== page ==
At an event in Asia today, Secretary of State Clinton talked about the nuclear threat from Iran and North Korea. With regard to Iran she said that the U.S. would,
consider extending a “defense umbrella” over the Middle East if Iran does not heed calls to halt its nuclear weapons program.She later clarified that there was no change in the administration's policy of pretending that it can talk Iran out of its nuclear program.
Some have pounced on her remarks. Niles Gardiner, writing in the Telegraph, says she's "sending the wrong signal."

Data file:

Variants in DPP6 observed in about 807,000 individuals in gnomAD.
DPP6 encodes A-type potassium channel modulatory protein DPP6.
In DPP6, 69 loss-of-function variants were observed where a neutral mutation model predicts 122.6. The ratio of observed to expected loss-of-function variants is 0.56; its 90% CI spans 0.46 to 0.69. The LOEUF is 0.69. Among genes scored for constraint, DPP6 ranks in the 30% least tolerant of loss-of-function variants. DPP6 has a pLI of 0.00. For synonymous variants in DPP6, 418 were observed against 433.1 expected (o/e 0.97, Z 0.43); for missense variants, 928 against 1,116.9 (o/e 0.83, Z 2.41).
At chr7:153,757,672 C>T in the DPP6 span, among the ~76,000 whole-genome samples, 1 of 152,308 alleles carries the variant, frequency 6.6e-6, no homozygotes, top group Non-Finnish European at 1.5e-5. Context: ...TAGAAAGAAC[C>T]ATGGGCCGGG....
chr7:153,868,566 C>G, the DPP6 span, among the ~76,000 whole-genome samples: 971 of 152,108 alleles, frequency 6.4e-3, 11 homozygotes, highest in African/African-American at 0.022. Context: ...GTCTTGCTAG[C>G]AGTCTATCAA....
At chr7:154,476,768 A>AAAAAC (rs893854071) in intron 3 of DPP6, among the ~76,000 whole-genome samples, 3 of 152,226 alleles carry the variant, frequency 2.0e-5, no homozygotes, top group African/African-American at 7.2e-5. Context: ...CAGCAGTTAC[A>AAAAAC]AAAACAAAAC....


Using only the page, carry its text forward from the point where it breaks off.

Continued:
There is very little evidence to suggest the United States under Obama is actively seeking to halt Iran’s nuclear ambitions through a credible threat of force. Nor has there been a sustained effort to significantly strengthen international sanctions against Tehran. The Clinton/Obama approach to the Iranian nuclear issue is flawed, weak and far too trusting in the intentions of a vicious adversary.All true. But my take is different from Gardiner's. Clinton's statement, assuming it is backed by Obama, appears to be an acknowledgement of reality. The U.S. is not going to talk Iran out of its nuclear program, or get rid of it with international sanctions. And any sort of direct U.S. military action is highly unlikely and probably counterproductive. Barring an Israeli nuclear first strike, the complete collapse of the regime, or some other major unforeseen change, it appears that Iran will most likely achieve the nuclear capability it is working toward. A policy of deterrence is the only viable option. Maybe it's a bit too soon to be putting it forward publicly. I'm sure the administration wants to keep up its pretense that talks could solve the problem. But overall, Clinton seeming to understand that talk won't get the job done is a good thing. It seems to indicate that at least the administration isn't bent on deceiving itself about Iran.